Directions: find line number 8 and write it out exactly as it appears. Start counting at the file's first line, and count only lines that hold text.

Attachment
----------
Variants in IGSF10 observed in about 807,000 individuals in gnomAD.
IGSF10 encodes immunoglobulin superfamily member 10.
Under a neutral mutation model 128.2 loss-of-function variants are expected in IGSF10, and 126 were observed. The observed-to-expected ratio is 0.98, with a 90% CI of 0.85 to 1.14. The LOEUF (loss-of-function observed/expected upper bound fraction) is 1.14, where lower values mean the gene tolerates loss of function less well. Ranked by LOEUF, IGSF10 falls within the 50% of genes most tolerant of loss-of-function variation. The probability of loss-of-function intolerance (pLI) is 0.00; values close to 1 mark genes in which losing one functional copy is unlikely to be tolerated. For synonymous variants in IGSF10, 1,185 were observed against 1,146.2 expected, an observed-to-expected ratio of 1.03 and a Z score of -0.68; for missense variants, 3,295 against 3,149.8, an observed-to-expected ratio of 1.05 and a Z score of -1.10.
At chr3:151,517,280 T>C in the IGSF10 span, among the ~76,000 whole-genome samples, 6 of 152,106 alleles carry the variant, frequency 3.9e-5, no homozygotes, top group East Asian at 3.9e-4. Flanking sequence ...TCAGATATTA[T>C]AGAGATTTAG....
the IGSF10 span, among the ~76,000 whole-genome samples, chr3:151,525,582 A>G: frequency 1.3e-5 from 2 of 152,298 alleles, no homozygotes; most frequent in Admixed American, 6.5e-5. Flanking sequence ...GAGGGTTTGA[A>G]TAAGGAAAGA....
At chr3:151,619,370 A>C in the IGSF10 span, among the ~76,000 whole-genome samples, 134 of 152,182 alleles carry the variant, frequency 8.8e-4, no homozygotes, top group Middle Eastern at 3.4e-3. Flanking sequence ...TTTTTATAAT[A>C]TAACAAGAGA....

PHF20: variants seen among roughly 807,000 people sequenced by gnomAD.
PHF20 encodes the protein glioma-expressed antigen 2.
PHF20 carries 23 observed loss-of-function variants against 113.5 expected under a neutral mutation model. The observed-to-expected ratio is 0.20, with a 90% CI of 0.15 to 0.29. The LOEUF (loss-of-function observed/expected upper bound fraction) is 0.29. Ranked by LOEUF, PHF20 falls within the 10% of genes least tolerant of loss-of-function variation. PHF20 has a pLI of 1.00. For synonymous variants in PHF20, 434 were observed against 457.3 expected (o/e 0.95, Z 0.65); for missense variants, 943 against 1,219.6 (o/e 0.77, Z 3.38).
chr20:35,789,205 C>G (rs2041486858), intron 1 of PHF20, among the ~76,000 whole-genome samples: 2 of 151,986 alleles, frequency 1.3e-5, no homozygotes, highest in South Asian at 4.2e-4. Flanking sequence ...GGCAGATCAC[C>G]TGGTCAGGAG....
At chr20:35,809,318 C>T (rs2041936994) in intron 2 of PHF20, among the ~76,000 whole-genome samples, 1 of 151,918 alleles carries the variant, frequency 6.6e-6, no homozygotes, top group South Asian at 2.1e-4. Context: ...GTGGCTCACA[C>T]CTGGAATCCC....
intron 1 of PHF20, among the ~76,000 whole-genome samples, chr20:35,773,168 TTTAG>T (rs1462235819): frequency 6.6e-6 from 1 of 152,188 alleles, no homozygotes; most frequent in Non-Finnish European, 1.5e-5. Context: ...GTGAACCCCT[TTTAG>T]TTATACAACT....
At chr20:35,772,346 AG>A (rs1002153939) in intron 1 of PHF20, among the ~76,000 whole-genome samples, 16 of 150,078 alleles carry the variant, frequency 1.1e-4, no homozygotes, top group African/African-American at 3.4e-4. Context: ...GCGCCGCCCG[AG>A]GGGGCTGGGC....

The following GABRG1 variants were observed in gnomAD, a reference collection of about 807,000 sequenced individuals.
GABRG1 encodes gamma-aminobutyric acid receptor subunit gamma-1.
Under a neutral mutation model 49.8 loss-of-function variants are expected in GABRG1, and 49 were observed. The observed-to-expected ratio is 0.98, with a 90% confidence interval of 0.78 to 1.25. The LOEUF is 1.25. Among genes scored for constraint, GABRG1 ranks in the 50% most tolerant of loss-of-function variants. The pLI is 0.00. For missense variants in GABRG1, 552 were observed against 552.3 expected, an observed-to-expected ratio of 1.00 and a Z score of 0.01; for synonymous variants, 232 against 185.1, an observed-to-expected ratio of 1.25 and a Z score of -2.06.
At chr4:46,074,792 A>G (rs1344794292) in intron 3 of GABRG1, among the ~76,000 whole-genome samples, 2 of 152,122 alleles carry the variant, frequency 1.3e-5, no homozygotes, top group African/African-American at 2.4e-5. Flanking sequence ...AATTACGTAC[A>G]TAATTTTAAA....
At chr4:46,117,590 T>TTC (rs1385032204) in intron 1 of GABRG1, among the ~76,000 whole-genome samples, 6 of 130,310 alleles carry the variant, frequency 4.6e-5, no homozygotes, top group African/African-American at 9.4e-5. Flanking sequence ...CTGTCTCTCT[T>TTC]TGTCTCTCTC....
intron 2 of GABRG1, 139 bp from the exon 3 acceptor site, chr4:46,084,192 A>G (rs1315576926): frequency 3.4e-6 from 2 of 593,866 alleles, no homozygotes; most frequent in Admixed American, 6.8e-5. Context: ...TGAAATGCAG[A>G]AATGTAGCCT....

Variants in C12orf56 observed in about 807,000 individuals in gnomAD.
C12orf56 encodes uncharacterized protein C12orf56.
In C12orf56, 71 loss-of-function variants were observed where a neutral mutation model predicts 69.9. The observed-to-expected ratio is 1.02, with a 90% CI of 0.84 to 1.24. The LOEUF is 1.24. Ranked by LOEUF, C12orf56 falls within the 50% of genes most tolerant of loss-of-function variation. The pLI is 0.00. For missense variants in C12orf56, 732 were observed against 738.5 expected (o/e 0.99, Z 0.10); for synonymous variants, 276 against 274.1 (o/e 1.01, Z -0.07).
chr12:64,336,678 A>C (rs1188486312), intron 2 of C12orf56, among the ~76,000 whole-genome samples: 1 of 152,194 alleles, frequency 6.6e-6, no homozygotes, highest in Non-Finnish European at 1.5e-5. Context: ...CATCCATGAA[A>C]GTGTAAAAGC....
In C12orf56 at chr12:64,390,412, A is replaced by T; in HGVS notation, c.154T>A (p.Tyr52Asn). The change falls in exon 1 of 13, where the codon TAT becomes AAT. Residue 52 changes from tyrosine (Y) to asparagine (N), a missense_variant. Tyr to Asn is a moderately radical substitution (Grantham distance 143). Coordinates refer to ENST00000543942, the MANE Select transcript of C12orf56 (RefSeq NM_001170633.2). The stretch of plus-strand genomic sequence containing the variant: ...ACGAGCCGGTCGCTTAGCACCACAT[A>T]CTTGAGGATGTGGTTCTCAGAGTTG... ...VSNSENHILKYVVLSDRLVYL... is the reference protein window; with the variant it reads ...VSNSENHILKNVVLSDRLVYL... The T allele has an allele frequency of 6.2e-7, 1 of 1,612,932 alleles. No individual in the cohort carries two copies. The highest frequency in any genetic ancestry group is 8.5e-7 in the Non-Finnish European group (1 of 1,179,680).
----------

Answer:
PHF20 encodes the protein glioma-expressed antigen 2.